Carson Steele’s departure for the NFL draft opens a spot alongside TJ Harden for a top running mate.

How about Keegan Jones in 2024? Anthony Adkins? True freshman Cameron Jones?

Keegan Jones already has covered some considerable ground in the offseason after entering the transfer portal only to run a reverse back to Westwood. The Bruins welcomed his return considering his speed and ability to catch passes out of the backfield.

Jones was underutilized in Kelly’s final season given his team-high average of 10.9 yards per carry and two touchdowns in just 14 attempts.

Adkins was more of a short-yardage back who got several carries out of the T-formation and averaged a respectable 5.9 yards per try.

Cameron Jones brings a blend of speed and durability that could make him an attractive option in his first season out of St. John Bosco. Deshun Murrell may also be poised for a breakthrough if he can recover from the injuries that have sidelined him in recent seasons.

Read more: Once fearing his NFL dream was over, Laiatu Latu soaks in a 'surreal as hell' UCLA pro day

Can the ‘D’ avoid a major dropoff?

UCLA linebacker Joquarri Price, right, tackles Washington's Giles Jackson during a game in October 2021.

UCLA’s defense could be living on the edge without Laiatu Latu and twins Grayson and Gabriel Murphy.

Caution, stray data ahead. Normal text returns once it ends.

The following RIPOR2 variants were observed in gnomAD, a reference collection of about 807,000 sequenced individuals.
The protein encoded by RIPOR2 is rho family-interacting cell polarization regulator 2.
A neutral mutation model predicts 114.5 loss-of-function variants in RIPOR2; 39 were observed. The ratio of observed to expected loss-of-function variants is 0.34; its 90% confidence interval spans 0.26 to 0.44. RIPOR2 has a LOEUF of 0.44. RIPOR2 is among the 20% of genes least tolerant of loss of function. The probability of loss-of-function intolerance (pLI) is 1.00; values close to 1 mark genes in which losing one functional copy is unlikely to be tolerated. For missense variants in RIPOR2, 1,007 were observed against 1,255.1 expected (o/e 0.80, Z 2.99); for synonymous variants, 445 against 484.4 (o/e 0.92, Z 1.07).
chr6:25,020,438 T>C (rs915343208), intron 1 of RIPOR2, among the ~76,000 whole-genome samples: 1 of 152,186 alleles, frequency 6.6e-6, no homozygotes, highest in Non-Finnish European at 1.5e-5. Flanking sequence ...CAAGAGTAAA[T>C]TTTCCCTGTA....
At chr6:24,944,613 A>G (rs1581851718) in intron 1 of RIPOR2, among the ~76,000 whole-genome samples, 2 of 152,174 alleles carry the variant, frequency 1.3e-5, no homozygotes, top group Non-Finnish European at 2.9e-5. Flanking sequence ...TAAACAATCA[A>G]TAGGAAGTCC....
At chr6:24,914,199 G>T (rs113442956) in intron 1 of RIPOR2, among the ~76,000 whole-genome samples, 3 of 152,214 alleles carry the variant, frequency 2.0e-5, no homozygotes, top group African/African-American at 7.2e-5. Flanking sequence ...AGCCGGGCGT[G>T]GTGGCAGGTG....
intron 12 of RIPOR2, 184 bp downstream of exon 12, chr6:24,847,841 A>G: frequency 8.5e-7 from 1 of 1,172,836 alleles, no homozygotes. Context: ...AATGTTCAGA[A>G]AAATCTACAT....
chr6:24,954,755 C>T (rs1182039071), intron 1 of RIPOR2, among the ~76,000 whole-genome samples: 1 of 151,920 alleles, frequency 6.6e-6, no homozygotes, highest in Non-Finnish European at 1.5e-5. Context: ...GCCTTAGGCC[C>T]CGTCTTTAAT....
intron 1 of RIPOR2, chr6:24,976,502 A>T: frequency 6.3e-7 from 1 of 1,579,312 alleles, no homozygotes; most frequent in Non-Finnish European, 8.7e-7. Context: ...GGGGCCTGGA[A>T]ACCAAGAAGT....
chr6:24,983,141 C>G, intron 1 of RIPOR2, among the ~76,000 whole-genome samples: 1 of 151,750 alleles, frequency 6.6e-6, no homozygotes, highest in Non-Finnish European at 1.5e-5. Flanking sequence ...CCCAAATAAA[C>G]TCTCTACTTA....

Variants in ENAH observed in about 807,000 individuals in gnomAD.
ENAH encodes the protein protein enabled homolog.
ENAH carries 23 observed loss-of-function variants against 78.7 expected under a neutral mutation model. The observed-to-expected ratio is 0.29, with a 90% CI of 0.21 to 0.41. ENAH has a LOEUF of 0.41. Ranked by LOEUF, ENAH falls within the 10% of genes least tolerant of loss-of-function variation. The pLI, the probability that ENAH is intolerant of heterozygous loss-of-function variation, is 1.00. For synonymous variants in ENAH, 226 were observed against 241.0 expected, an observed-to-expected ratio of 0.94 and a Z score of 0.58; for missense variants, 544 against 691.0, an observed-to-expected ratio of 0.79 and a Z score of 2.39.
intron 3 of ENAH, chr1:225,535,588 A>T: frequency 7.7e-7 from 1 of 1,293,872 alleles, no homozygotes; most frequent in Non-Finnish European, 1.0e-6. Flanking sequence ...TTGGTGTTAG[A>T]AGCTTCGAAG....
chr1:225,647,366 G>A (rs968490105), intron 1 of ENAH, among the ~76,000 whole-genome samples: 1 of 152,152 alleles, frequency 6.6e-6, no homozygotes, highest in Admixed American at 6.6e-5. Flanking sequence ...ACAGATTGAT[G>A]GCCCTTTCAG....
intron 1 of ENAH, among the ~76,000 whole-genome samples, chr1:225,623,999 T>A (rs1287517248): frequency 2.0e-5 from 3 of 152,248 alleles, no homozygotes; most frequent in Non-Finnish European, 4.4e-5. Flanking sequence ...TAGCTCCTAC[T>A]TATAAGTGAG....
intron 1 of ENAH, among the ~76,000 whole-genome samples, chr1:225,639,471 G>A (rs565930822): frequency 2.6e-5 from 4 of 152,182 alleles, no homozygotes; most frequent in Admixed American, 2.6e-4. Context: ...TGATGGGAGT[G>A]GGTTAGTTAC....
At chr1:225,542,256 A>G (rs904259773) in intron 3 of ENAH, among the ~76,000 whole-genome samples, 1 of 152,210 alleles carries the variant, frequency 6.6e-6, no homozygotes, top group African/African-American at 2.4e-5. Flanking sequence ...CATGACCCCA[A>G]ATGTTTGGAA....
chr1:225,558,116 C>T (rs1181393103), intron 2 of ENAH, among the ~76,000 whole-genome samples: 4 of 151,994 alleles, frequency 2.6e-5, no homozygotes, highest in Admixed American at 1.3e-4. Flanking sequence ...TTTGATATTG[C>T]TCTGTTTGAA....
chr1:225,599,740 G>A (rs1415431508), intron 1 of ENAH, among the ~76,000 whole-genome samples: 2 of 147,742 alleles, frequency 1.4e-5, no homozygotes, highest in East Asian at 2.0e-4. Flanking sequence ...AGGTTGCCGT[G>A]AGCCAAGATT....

Those three edge rushers combined for 26 sacks last season while making things considerably easier for every player around them.

Their departures mean that new defensive coordinator Ikaika Malloe must find some production out of far less heralded players. Candidates to provide the necessary quarterback pressure include Choe Bryant-Strother, Joquarri Price and a host of newcomers.

The interior defensive line should be a strength with starters Jay Toia and Keanu Williams back. The linebacking corps is deep and experienced with Kain Medrano, Oluwafemi Oladejo, JonJon Vaughns and possibly Ale Kaho all returning.

Read more: Analysis: Five things new coach DeShaun Foster must do to win at UCLA

There’s some serious turnover in the secondary, where cornerback Jaylin Davies is the only full-time starter returning. Cornerback Devin Kirkwood will be seeking more consistency after an up-and-down season that resulted in a demotion to a reserve role.

The starting safety spots are up for grabs, with Notre Dame transfer Ramon Henderson and Oregon transfer Bryan Addison both strong candidates to take those roles provided that Addison is granted a rare seventh season of eligibility.

Georgia Tech transfer K.J. Wallace and redshirt junior D.J. Justice will likely be the top nickel backs.

Can he make the leap from Division III?

One of the most intriguing story lines to follow will be that of Luke Schuermann.

After becoming one of the top players in Johns Hopkins history, the defensive lineman will try to make the unusual jump from Division III to the Big Ten.

He piled up an absurd 62.5 tackles for loss and 34.5 sacks in three seasons at a school known more for producing doctors, writers and President Woodrow Wilson. Can that translate to significant production at the school that has produced scores of NFL players in addition to all of its famous alumni in other fields?

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This story originally appeared in Los Angeles Times.